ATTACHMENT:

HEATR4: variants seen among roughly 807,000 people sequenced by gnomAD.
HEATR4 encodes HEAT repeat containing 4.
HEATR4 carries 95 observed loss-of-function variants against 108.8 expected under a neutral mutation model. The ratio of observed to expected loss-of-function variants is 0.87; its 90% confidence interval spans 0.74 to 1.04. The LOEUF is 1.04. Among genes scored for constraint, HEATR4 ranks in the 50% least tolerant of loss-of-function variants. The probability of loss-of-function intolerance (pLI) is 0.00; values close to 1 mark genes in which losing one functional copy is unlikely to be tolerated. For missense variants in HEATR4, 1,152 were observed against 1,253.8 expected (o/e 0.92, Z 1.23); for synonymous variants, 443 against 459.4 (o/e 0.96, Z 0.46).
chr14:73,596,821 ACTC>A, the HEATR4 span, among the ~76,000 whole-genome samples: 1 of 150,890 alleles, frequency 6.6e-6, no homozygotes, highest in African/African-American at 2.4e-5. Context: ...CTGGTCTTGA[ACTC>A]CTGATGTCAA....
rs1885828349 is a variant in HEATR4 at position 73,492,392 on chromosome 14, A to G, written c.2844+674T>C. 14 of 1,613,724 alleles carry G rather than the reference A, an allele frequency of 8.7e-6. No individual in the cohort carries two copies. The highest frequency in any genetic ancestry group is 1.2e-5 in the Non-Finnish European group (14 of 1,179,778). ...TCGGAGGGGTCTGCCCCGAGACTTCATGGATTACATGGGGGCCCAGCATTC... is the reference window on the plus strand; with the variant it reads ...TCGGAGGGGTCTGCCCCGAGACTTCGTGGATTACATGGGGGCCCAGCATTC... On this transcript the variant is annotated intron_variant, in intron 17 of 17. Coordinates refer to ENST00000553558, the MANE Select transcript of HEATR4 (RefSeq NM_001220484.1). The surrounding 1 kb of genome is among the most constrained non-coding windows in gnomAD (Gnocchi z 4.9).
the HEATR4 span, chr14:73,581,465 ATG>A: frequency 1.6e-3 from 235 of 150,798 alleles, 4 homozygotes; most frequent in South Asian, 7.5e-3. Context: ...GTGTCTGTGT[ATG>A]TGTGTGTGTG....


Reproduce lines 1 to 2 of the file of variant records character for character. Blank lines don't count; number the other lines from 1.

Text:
HEATR4: variants seen among roughly 807,000 people sequenced by gnomAD.
HEATR4 encodes HEAT repeat containing 4.